• Home
  • keyboard_arrow_right Growing Food
  • keyboard_arrow_right Gardening
  • keyboard_arrow_rightPodcasts
  • keyboard_arrow_right Taming the apocalypse by partnering with new species, with Shane Simonsen

Growing Food

Taming the apocalypse by partnering with new species, with Shane Simonsen


Background
share close

So much of what inspires me and that I hope to highlight on this show comes from an ever growing awareness of the incredible superpowers that humans have that emerge from our relationship with the natural world around us. Our senses coupled with adaptability, the skill of collaboration and the inventiveness of our creativity have allowed humans to find a niche in almost every major biome on this planet. Whether it’s forming a symbiotic relationship with the semi-wild reindeer of the arctic circle, or coastal people of the tropics evolving superior vision underwater, or our ability to communicate with wild species to understand imminent dangers or changes in the weather, or polynesian sailors being able to navigate through open ocean by sensing the patterns in the waves. Everywhere that humans have made their home, they’ve developed unique ways of understanding, adapting to, and developing deep relationships with the forms of life around them. 

One of the most outstanding of our collective abilities is being able to manipulate the genes and evolution of the species around us. We’ve done this with animal and plant domestication, breeding, and propagation, and more recently, with advanced technological tools. In past episodes I’ve explored the topic of landrace gardening, low tech plant breeding, and adaptation to your place and context. This is an idea that has captivated me in the last couple years and is informing a major part of the development of my own farm. 

Today I want to step out of the details of landrace plant breeding to try and understand the broader potential of what partnering with the evolutionary trajectory of selected species in our sphere of influence could look like and the mind bending possibilities that hide in that way of interacting with the environment around us.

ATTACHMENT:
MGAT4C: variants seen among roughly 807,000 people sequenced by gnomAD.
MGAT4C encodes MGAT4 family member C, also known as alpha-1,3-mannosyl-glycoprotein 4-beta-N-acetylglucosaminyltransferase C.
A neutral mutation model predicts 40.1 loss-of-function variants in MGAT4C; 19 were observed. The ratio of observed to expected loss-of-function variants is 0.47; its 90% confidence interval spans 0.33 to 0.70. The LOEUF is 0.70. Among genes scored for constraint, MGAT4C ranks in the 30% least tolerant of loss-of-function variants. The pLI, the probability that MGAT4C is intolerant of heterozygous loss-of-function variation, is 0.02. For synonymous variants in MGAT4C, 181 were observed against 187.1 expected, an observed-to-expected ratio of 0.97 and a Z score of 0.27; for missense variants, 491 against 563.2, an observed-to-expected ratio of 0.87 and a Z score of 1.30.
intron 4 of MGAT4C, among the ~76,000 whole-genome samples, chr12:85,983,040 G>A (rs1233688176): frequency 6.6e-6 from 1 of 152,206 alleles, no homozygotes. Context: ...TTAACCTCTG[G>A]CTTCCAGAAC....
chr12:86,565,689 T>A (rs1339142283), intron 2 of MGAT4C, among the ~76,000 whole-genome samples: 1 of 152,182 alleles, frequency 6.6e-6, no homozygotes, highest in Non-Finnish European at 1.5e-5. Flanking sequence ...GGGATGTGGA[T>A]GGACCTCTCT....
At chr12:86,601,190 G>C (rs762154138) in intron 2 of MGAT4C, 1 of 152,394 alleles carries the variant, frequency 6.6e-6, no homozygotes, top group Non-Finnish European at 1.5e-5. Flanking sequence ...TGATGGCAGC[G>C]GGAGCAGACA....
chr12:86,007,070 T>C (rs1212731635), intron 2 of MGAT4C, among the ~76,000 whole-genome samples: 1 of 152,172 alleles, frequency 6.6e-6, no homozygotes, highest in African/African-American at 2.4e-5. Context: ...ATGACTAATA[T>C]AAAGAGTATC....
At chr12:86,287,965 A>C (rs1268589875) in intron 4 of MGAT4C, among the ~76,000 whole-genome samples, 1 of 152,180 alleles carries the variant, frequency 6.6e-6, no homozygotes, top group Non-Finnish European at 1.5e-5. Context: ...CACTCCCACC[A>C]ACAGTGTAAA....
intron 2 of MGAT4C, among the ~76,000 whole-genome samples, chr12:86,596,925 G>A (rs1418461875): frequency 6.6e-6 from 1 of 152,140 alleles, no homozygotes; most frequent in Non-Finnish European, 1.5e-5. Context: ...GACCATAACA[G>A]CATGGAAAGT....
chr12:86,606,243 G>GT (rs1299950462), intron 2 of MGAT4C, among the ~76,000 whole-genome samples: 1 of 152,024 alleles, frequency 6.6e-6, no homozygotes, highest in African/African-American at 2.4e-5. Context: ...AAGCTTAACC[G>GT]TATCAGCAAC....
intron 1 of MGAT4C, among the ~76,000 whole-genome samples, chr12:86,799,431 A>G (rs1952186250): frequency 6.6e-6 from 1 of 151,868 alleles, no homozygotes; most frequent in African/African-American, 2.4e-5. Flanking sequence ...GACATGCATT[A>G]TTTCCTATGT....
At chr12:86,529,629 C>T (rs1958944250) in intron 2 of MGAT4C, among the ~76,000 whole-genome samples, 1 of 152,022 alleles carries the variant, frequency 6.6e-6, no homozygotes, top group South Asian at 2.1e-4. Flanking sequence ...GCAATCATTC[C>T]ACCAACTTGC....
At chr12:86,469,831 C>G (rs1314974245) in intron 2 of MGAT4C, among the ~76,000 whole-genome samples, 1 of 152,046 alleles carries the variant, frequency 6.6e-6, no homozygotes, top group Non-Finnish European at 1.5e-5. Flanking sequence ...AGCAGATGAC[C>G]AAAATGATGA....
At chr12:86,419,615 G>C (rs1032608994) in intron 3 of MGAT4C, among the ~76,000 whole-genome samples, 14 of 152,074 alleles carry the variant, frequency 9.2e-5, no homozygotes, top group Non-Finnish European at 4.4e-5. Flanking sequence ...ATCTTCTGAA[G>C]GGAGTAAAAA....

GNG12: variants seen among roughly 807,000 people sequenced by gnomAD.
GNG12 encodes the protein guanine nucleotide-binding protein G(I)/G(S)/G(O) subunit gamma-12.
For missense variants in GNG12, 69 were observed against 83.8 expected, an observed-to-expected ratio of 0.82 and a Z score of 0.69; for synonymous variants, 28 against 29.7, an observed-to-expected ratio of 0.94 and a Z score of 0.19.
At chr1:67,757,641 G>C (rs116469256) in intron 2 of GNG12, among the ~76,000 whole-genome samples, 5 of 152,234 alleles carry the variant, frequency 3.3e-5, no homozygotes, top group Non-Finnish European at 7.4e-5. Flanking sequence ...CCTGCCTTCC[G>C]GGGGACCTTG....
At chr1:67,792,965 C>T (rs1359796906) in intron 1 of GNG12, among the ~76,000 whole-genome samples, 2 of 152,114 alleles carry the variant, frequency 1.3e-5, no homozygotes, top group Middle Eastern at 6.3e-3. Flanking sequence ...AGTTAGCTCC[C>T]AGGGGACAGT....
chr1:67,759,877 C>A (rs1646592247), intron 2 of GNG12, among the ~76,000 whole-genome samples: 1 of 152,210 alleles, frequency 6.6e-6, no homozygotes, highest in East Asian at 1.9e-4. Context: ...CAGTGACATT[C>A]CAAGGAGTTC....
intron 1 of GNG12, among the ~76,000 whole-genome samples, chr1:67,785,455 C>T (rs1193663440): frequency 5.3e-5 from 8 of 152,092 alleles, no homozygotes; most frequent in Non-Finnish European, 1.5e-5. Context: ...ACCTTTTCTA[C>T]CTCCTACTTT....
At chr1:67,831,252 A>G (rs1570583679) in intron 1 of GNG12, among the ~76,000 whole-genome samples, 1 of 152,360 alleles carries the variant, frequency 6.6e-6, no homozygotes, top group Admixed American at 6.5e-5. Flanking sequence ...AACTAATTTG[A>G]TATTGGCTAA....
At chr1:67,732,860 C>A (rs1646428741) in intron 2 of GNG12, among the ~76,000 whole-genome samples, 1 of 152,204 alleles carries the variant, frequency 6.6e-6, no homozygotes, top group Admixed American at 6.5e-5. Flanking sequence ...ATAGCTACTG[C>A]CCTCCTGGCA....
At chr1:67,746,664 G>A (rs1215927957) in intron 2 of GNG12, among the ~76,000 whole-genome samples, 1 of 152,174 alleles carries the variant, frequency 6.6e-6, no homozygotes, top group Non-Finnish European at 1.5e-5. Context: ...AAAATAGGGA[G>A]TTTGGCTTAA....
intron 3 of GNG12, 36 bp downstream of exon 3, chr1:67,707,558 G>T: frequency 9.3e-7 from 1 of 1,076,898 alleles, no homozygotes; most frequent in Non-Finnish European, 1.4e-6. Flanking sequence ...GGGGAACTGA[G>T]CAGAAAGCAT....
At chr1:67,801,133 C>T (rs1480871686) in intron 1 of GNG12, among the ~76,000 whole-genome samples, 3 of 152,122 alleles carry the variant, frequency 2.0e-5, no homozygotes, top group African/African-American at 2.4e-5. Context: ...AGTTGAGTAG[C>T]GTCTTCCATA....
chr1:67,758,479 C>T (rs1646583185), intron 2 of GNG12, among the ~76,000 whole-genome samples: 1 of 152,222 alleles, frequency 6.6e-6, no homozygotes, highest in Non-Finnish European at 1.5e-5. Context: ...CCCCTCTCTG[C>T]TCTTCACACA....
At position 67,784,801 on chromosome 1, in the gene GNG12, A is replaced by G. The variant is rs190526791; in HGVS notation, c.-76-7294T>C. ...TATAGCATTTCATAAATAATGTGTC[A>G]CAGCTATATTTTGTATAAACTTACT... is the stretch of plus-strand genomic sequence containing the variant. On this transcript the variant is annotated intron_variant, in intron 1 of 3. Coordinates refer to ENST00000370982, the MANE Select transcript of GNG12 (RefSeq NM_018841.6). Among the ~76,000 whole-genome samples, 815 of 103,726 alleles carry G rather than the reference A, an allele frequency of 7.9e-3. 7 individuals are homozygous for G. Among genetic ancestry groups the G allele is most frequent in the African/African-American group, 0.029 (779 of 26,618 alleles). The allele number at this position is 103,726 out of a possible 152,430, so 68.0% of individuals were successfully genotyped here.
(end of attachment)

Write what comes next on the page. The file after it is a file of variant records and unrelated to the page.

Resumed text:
Here to explore this concept and give ideas based on his own experiences is Shane Simionsen. Shane is a long-time contributor to this podcast so I’ll keep his introduction short and recommend you go back to some previous episodes to hear more of his back story and work, but briefly, Shane is an Australian experimental farmer developing zero input agricultural systems and writing biological science fiction. 

In this conversation, we’ll be taking a look at what Shane sees as the essential moment in our developmental journey as a species to make use of the temporary ease and convenience of global trade to do the hard work of accelerating our close partnerships with the plants, animals, bacteria, and fungi around us. We take a look at how people from the dawn of our evolution have been doing this and how modern technology can play a role in bringing these cooperative relationships to new heights. 

We also go into the steps and actions that anyone can take to help create climate adapted food crops and maybe even tackle the next novel domestication project. Shane gives great examples of how he’s running his own tests and experiments on his farm in Queensland, AU and shares his learnings, failures and successes to help set expectations for what a landrace or breeding project entails. 

His new book “Taming the Apocalypse” is now available in digital and audiobook formats through subscription to his blog on Substack

Join the discord discussion channel to answer the weekly questions and learn new skills with the who le community

Links:

https://zeroinputagriculture.substack.com/

https://haldanebdoyle.com/

Rate it
Previous episode

Post comments

This post currently has no comments.

Leave a reply

Your email address will not be published. Required fields are marked *